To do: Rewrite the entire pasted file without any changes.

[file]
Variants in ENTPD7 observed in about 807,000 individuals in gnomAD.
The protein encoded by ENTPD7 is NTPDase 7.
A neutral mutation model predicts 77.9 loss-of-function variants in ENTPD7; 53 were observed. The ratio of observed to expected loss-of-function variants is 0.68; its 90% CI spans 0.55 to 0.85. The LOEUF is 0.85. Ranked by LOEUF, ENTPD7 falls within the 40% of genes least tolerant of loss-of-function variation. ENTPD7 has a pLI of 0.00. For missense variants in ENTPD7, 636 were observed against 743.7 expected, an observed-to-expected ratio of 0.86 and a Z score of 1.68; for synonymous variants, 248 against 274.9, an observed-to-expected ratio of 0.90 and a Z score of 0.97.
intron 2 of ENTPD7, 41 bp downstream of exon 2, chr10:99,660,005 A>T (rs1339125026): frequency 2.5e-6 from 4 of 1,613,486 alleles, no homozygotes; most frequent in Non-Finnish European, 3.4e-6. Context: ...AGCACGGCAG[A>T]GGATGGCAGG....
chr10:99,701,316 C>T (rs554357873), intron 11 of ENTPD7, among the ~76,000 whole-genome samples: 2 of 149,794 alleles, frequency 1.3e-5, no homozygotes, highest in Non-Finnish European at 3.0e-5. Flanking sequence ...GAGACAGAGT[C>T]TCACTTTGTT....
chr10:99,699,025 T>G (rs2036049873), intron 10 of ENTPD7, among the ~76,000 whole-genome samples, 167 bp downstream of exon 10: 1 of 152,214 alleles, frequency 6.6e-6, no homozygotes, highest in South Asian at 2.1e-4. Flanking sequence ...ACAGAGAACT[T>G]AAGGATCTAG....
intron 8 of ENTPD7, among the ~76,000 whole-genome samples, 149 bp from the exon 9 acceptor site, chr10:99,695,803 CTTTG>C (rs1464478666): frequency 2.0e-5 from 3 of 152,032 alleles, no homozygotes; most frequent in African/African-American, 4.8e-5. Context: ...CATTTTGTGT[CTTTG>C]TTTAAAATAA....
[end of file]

Variants in ENTPD7 observed in about 807,000 individuals in gnomAD.
The protein encoded by ENTPD7 is NTPDase 7.
A neutral mutation model predicts 77.9 loss-of-function variants in ENTPD7; 53 were observed. The ratio of observed to expected loss-of-function variants is 0.68; its 90% CI spans 0.55 to 0.85. The LOEUF is 0.85. Ranked by LOEUF, ENTPD7 falls within the 40% of genes least tolerant of loss-of-function variation. ENTPD7 has a pLI of 0.00. For missense variants in ENTPD7, 636 were observed against 743.7 expected, an observed-to-expected ratio of 0.86 and a Z score of 1.68; for synonymous variants, 248 against 274.9, an observed-to-expected ratio of 0.90 and a Z score of 0.97.
intron 2 of ENTPD7, 41 bp downstream of exon 2, chr10:99,660,005 A>T (rs1339125026): frequency 2.5e-6 from 4 of 1,613,486 alleles, no homozygotes; most frequent in Non-Finnish European, 3.4e-6. Context: ...AGCACGGCAG[A>T]GGATGGCAGG....
chr10:99,701,316 C>T (rs554357873), intron 11 of ENTPD7, among the ~76,000 whole-genome samples: 2 of 149,794 alleles, frequency 1.3e-5, no homozygotes, highest in Non-Finnish European at 3.0e-5. Flanking sequence ...GAGACAGAGT[C>T]TCACTTTGTT....
chr10:99,699,025 T>G (rs2036049873), intron 10 of ENTPD7, among the ~76,000 whole-genome samples, 167 bp downstream of exon 10: 1 of 152,214 alleles, frequency 6.6e-6, no homozygotes, highest in South Asian at 2.1e-4. Flanking sequence ...ACAGAGAACT[T>G]AAGGATCTAG....
intron 8 of ENTPD7, among the ~76,000 whole-genome samples, 149 bp from the exon 9 acceptor site, chr10:99,695,803 CTTTG>C (rs1464478666): frequency 2.0e-5 from 3 of 152,032 alleles, no homozygotes; most frequent in African/African-American, 4.8e-5. Context: ...CATTTTGTGT[CTTTG>C]TTTAAAATAA....